Our classes have becomes so popular that we are full, with waitlists, until the end of the year!  Obviously we are ecstatic (and thankful) about this but also a bit sad that we cannot stretch ourselves more and accommodate everyone. We have just penned down next years’ classes and will publish dates and themes as soon as possible.  We have some different and exciting themes for the coming year and look forward to sharing them with everyone.  That said, if there is anything in particular you want to learn and/or explore, please don’t hesitate to contact us. 

Stacey’s favorite holiday is next week – Thanksgiving.  The day is all about family, friends and, of course, food (with a little American football thrown in for fun)!  We will order the largest turkey in Beijing to accommodate our 25 or so guests so it’s a good thing Sara has the largest oven in Shunyi.  We will hunt down cranberries, Brussels sprouts, sweet potatoes and green beans, delegate wisely and enjoy a big cooking fest with our friends from all around the world - including a family of Thanksgiving virgins.

Thanksgiving is truly a wonderful holiday free of commitments (other than stuffing yourself) that kicks off the holiday season. It is delightful to be able to share something that was definitely not in Sara’s cultural DNA but that she has adopted over the years. Isn’t that what living the expat life is all about - picking and choosing the best berries that your adopted country has to offer?  Every year is a year full of celebrations; whether they make complete sense to everyone or not, and many, many reasons to get together and enjoy good food together with good friends from around the world.

Happy Thanksgiving everyone! Let’s kick off the Holiday Season with a BANG!

Tuesday, November 4, 2014

Not the Greatest of Days - But Great Dumplings!

Some days - people just annoy you.

Having a waitress hanging over your table, with a firm hand on the menu intent to suggest special delicacies (suitable for foreigners) and desperate to practice her almost incomprehensible English doesn’t help.

“No thank you, we do not want gong bao ji ding or ma po tofu.  Yes, we like our food spicy.  We eat Chinese food all the time and we are not tourists who managed to stumble in to this place randomly (in Tianzhu town – really!). We live here and that is why we speak to you in your own language so can we please look through the menu in peace and order whatever the f#€%&ck we want!” … or something along those lines.  We were not having the greatest of days.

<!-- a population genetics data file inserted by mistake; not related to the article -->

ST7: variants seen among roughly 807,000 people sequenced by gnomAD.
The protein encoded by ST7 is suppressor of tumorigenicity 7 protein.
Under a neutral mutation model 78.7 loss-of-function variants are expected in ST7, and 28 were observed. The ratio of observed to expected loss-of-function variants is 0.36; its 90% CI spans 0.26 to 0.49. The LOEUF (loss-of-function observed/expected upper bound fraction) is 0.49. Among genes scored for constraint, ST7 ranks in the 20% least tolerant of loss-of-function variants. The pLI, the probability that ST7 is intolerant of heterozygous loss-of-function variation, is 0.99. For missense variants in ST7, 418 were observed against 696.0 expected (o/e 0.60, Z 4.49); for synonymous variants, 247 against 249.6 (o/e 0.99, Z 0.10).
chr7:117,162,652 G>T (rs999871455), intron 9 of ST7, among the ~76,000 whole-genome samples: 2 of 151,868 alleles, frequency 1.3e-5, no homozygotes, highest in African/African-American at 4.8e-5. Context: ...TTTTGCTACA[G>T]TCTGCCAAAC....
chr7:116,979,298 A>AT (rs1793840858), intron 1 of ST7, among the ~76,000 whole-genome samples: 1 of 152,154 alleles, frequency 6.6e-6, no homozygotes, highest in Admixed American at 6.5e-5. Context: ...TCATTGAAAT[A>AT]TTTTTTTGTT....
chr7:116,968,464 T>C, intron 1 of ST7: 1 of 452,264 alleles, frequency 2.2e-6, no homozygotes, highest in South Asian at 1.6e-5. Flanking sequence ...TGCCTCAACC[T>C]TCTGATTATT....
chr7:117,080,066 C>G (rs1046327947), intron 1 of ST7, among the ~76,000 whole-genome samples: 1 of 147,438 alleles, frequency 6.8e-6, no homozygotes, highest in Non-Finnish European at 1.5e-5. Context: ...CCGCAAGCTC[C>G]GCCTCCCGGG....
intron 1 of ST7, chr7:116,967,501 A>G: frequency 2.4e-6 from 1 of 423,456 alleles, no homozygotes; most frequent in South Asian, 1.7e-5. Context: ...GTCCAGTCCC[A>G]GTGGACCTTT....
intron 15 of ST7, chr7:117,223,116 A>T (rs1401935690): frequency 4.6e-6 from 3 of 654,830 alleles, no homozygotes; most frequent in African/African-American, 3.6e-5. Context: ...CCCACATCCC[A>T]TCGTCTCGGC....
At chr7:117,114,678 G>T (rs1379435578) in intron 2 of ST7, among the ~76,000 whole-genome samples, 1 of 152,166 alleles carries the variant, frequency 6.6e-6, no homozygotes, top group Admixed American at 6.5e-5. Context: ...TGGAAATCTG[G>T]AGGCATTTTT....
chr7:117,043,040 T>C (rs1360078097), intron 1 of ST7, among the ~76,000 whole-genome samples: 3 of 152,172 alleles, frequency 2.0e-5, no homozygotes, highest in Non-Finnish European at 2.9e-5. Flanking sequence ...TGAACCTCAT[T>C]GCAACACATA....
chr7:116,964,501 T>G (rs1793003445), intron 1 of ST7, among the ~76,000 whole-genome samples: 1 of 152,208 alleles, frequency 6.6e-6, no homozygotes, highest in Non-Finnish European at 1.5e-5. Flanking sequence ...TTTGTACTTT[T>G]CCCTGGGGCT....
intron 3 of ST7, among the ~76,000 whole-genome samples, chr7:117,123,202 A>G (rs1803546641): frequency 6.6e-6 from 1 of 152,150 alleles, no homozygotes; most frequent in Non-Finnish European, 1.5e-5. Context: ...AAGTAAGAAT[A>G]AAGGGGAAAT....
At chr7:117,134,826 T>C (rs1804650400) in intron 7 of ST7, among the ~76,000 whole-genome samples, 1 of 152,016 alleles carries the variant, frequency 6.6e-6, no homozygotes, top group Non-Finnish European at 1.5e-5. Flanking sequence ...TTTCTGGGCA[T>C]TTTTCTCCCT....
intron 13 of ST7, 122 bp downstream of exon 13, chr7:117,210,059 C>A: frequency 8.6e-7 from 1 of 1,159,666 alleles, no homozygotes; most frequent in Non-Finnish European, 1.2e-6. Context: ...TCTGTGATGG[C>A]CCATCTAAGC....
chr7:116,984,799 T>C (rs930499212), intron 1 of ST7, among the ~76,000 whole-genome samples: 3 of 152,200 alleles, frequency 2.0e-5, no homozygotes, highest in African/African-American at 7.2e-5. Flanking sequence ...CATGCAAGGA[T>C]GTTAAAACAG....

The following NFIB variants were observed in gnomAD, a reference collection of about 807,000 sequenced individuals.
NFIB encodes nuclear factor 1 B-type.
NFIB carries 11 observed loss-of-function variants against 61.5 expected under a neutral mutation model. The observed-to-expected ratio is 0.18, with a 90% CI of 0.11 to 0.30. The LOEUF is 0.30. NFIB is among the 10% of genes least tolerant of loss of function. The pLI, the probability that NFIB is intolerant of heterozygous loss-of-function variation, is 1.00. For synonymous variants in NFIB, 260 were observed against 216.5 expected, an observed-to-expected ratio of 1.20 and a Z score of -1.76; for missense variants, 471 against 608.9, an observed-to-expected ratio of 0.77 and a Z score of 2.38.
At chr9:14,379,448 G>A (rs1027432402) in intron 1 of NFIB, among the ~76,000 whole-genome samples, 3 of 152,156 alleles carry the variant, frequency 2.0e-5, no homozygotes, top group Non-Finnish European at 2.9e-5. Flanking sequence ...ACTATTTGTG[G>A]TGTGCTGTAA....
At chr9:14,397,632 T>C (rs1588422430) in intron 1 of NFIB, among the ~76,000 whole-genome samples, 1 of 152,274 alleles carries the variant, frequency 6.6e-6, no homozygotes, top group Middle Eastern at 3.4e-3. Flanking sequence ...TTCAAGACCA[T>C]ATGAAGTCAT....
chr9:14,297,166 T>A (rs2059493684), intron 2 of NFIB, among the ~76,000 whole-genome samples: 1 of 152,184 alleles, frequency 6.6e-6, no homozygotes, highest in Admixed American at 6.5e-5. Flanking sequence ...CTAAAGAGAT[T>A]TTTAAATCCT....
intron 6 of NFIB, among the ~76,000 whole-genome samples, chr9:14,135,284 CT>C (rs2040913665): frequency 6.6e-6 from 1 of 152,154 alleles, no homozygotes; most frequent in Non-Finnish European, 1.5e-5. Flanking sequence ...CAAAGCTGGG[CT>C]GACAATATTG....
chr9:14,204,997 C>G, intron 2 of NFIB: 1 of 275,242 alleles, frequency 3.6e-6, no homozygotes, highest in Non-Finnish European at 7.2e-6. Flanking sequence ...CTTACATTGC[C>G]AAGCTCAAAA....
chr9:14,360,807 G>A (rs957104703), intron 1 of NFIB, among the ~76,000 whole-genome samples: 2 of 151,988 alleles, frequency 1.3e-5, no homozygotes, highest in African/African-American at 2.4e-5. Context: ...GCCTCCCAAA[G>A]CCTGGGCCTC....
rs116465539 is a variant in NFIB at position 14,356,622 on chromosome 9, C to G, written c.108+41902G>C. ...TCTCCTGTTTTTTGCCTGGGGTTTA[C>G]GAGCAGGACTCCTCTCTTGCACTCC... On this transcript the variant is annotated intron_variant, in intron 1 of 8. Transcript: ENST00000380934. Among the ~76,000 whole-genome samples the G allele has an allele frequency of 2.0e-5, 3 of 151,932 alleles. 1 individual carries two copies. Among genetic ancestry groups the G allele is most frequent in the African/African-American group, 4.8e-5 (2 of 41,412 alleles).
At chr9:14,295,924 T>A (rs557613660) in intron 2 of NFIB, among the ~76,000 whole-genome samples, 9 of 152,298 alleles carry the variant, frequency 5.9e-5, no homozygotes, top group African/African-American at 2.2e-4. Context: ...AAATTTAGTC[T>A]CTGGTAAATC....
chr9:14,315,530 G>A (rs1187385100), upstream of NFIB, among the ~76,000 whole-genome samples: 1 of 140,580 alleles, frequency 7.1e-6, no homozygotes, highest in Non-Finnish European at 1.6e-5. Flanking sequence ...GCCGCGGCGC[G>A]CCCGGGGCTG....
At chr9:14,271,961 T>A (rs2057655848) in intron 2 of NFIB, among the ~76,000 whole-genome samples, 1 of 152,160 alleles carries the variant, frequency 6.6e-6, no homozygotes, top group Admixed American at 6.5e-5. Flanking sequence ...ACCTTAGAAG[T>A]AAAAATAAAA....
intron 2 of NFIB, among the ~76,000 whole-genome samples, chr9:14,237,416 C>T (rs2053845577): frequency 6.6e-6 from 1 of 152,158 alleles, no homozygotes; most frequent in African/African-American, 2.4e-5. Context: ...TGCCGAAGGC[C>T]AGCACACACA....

We were at a dumpling place on Tianbei Lu, on the way to the airport, almost opposite the Giant Store. Stacey had been there before and raved about the dumplings – the inventive fillings and thin skins. We brought our friend Marianne and though I was the one having the very bad day; I am embarrassed to say that it quickly wore off on my friends and the over attentive (obnoxious) hostess didn’t help.

It is like that living here in China; your mood goes up and down and can be triggered by what seems like the smallest, stupidest things. Living here isn’t hard but it is exhausting and if you are not open to accept all the quirks and annoyances each and every day there will be bad days. That is why, after a while, when we see someone throw a fit over the lack of cheerios at the store or how they pack the groceries at check-out or why the waitress cannot just bring ice water instead of steaming hot, we smile in recognition – we have all been there. Still, we were there to sample the food and that was what we did.

Ever since we had lotus root-filled dumplings at a Hoshayu eatery, we always ask for it. The combination of the crunchy filling in the soft skin is delicious but, sadly, very few places offer it and this one was no exception. Instead we chose one plate of jiaozi filled with mushrooms and one with fennel, another novelty – both also including minced pork. As side dishes we choose Szechuan green beans (a requirement when you eat with Marianne), tofu skins with celery, and spicy eggplant – all very good. The dumplings, when they arrived, were perfect - soft and thin skinned with a juicy filling, the beans spicy as we like them and the eggplant flavorful. We were especially impressed with how (temperature) hot everything was. Clearly everything went straight from wok to serving dish to table.